I’m trying to remember this in my everyday life now.  I sometimes look at a challenge now and state fiercely “I’ve got this.  I can climb a mountain!”  If I’d looked at that mountain as a single task, this huge obstacle, I might never have believed I could do it.  But now I know that each mountain is made up of thousands of steps, and I can walk this step, and then the next, and so on.  That was how I did it, and that is how I can do anything I want.

 

I’m so full of gratitude for these and all the lessons I learned on our trip— not to mention the trip itself. It was life-changing for me in ways I couldn’t have anticipated.  Now I know I can hike mountains, let go of the control of planning and face my fears to do things I didn’t think I could.  I’m excited to see what’s next!

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At the well dressing in Tissington, England

 

{If you’d like to read my Facebook blogging about the trip and see the photos, you can start here on my page, click on my name, and scroll through May 2015.}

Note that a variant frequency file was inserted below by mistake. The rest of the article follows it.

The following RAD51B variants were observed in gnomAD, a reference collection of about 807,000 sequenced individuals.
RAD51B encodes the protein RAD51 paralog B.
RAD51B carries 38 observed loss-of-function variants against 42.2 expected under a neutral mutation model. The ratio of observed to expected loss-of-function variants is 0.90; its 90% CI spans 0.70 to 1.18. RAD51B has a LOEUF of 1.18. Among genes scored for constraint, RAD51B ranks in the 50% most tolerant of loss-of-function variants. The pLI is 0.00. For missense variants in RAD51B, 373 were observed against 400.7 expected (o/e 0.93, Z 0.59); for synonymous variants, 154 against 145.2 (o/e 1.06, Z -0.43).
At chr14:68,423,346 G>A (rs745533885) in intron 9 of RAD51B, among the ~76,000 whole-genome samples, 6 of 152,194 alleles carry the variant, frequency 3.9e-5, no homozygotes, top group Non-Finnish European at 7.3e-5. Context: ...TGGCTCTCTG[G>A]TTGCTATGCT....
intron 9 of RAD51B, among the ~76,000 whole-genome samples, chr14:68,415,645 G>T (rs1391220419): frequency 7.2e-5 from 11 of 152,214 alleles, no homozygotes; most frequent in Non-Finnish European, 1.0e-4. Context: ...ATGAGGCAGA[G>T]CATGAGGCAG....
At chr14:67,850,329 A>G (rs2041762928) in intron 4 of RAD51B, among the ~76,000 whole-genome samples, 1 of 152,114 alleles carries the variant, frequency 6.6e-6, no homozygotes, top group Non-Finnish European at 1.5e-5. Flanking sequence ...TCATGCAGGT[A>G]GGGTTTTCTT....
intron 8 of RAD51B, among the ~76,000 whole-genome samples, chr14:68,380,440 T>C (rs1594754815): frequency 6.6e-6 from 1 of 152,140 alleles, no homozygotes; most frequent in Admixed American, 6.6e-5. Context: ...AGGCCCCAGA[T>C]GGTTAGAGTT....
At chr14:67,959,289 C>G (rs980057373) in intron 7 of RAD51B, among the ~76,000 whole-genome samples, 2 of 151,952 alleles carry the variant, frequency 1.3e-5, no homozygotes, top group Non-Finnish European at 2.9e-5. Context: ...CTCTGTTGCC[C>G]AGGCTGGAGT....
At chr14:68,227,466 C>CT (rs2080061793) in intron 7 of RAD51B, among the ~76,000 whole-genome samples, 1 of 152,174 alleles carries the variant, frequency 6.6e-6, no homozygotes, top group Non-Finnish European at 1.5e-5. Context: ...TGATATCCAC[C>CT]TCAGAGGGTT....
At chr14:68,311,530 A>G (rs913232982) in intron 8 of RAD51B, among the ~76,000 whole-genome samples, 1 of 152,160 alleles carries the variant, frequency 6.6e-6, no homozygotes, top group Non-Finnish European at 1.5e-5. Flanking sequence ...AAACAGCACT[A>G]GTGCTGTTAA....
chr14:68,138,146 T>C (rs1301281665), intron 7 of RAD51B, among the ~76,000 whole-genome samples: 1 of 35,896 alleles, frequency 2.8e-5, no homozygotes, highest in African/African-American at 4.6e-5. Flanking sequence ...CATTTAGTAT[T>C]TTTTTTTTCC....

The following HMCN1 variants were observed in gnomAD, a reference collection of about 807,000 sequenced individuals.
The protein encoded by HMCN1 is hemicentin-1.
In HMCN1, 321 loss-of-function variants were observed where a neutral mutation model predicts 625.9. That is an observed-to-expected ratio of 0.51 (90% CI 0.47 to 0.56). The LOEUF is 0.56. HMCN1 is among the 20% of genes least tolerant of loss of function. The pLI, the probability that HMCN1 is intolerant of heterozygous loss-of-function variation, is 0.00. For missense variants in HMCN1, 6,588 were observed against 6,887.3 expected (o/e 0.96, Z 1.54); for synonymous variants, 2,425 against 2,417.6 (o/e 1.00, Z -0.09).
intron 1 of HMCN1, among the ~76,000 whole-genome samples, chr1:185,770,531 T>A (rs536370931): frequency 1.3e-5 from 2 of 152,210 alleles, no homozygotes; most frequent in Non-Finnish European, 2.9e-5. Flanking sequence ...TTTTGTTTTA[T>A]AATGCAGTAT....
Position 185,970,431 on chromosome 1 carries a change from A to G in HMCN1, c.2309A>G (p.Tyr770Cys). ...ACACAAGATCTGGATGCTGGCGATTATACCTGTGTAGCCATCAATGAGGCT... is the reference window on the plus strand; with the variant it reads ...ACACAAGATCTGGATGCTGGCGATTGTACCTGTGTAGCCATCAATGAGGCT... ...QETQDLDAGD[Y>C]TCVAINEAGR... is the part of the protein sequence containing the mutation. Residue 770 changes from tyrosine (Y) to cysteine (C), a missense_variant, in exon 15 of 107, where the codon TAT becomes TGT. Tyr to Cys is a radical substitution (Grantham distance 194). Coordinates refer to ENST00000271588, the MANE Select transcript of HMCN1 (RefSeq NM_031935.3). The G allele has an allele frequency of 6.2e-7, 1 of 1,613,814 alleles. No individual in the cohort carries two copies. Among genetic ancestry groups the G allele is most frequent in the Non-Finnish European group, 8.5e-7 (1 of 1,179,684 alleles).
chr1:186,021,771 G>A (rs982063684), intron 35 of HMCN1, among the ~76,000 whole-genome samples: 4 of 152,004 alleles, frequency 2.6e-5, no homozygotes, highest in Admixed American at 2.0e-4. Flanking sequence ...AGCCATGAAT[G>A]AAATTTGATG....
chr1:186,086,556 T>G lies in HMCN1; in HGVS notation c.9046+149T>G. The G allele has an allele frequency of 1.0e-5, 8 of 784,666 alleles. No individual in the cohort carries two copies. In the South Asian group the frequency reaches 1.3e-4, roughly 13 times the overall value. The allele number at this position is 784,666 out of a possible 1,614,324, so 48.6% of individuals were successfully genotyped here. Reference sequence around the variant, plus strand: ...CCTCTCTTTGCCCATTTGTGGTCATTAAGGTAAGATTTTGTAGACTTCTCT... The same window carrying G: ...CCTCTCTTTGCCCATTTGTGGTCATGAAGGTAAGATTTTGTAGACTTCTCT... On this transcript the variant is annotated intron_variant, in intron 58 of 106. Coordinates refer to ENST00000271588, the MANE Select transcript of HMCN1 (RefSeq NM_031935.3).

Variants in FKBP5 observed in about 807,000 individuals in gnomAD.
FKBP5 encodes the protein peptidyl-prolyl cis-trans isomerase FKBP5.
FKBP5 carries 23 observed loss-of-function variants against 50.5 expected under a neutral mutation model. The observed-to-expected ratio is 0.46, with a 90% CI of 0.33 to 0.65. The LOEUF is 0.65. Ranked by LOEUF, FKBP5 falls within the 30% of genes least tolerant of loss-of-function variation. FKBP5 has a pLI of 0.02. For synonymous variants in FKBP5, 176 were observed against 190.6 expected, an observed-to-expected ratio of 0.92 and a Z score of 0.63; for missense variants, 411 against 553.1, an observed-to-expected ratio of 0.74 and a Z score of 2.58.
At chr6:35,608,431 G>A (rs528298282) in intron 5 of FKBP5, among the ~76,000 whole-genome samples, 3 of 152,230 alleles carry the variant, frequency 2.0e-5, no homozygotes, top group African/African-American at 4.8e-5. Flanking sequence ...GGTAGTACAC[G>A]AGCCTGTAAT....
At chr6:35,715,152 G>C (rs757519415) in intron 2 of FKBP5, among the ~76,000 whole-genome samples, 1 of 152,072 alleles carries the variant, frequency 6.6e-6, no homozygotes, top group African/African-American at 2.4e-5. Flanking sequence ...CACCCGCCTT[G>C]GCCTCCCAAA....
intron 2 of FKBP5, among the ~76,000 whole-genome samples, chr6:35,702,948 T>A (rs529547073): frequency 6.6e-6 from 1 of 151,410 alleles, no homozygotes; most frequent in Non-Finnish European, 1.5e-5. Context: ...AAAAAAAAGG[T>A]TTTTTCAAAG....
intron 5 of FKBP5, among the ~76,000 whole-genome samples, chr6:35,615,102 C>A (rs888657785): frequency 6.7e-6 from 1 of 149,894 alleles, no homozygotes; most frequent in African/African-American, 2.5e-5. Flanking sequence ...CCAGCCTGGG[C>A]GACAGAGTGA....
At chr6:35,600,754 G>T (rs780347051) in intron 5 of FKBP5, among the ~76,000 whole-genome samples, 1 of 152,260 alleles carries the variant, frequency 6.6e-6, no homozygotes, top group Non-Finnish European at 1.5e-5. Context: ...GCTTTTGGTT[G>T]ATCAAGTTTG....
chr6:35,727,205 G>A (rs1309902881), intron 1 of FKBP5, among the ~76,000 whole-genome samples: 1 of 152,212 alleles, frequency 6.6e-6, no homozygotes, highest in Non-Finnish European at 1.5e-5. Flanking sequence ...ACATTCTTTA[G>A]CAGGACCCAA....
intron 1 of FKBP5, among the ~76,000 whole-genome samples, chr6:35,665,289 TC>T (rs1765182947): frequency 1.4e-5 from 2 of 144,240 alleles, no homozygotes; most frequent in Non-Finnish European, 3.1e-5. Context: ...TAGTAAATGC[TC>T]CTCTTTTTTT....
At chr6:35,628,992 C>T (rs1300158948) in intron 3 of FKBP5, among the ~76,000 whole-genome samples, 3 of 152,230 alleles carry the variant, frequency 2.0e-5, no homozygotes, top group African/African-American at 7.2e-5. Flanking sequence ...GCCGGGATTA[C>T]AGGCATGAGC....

[Photos by Theresa and Bob Alberti]

2 Comments

  1. Stephanie Smith

    June 18, 2015 at 5:28 pm

    Wow! Just Wow! I immediately flipped back in my mind to your essay when you courageously began to exercise, and you were terrified to just JOIN AN EXERCISE CLASS! You are such an inspiration to us all. So happy to see the growth and confidence in you; although it has been hard, it has BEEN WORTH EVERY STEP OF THE WAY.

  2. You write so beautifully and with such insight. I am so happy that you were able to experience this do over.